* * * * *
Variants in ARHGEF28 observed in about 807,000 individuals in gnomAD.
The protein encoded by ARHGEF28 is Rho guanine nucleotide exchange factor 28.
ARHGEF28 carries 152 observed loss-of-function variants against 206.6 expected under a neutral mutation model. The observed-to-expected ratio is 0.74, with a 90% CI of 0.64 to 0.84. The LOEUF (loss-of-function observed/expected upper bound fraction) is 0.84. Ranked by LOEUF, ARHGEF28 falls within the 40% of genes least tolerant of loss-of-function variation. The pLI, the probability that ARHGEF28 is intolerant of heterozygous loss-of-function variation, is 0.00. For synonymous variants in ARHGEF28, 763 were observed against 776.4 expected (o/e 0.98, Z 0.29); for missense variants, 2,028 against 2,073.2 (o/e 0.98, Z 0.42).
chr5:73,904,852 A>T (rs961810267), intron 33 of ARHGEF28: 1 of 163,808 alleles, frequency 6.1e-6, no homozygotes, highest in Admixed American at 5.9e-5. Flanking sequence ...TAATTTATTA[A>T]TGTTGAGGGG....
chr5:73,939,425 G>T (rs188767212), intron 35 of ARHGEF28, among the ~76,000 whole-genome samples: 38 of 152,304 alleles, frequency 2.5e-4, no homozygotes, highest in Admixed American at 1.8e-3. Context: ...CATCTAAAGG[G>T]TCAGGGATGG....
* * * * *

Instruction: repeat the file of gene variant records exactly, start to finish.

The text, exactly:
Variants in ARHGEF28 observed in about 807,000 individuals in gnomAD.
The protein encoded by ARHGEF28 is Rho guanine nucleotide exchange factor 28.
ARHGEF28 carries 152 observed loss-of-function variants against 206.6 expected under a neutral mutation model. The observed-to-expected ratio is 0.74, with a 90% CI of 0.64 to 0.84. The LOEUF (loss-of-function observed/expected upper bound fraction) is 0.84. Ranked by LOEUF, ARHGEF28 falls within the 40% of genes least tolerant of loss-of-function variation. The pLI, the probability that ARHGEF28 is intolerant of heterozygous loss-of-function variation, is 0.00. For synonymous variants in ARHGEF28, 763 were observed against 776.4 expected (o/e 0.98, Z 0.29); for missense variants, 2,028 against 2,073.2 (o/e 0.98, Z 0.42).
chr5:73,904,852 A>T (rs961810267), intron 33 of ARHGEF28: 1 of 163,808 alleles, frequency 6.1e-6, no homozygotes, highest in Admixed American at 5.9e-5. Flanking sequence ...TAATTTATTA[A>T]TGTTGAGGGG....
chr5:73,939,425 G>T (rs188767212), intron 35 of ARHGEF28, among the ~76,000 whole-genome samples: 38 of 152,304 alleles, frequency 2.5e-4, no homozygotes, highest in Admixed American at 1.8e-3. Context: ...CATCTAAAGG[G>T]TCAGGGATGG....